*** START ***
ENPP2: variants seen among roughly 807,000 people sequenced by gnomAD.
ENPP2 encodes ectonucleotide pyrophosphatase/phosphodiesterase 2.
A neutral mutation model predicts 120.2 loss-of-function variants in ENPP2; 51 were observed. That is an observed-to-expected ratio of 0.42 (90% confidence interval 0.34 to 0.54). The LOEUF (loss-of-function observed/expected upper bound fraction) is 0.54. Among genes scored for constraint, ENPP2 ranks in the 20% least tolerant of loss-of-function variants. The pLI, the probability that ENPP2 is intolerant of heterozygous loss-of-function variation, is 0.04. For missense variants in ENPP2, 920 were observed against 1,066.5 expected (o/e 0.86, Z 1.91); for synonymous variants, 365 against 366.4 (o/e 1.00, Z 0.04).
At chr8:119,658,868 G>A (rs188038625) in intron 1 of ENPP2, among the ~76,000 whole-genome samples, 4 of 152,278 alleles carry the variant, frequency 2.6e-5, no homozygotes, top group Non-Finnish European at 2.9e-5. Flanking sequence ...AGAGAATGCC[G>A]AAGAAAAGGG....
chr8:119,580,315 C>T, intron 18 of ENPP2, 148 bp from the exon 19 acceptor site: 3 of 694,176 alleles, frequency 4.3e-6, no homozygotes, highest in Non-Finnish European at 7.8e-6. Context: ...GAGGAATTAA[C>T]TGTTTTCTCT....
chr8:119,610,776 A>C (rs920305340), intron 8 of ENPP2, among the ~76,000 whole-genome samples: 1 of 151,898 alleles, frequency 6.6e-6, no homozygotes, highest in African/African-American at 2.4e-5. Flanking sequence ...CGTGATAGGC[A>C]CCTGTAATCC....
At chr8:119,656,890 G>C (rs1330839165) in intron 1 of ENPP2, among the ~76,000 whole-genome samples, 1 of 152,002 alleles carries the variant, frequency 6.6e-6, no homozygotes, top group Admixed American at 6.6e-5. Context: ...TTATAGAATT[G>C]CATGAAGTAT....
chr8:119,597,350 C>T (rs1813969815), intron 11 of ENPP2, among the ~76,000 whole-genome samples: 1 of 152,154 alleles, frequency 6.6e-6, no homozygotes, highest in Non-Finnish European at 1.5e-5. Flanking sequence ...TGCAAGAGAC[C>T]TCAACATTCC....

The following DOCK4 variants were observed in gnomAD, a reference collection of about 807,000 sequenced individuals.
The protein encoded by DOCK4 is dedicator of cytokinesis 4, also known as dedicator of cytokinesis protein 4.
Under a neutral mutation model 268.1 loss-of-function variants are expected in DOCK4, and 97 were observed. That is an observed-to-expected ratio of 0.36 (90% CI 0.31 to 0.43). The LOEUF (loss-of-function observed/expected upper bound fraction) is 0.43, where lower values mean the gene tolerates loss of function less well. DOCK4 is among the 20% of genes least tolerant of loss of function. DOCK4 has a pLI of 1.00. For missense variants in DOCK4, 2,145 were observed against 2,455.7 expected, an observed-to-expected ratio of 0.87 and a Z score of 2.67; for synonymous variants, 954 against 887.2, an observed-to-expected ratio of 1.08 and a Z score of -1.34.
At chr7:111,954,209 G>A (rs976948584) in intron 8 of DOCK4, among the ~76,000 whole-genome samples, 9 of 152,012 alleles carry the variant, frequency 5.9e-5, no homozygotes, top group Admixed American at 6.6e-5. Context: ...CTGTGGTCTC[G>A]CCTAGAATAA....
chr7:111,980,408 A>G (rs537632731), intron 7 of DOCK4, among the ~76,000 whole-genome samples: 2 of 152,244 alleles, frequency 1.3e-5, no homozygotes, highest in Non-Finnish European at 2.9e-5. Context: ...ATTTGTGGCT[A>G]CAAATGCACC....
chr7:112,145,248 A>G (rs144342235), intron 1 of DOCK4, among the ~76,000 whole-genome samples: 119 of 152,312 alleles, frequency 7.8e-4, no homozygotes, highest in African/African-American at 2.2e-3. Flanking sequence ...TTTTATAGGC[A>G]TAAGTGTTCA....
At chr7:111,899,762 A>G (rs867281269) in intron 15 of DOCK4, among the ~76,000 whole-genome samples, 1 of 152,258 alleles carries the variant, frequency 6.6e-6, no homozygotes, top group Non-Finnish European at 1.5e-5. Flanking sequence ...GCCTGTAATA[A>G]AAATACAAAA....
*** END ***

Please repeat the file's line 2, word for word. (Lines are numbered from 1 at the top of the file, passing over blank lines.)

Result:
ENPP2 encodes ectonucleotide pyrophosphatase/phosphodiesterase 2.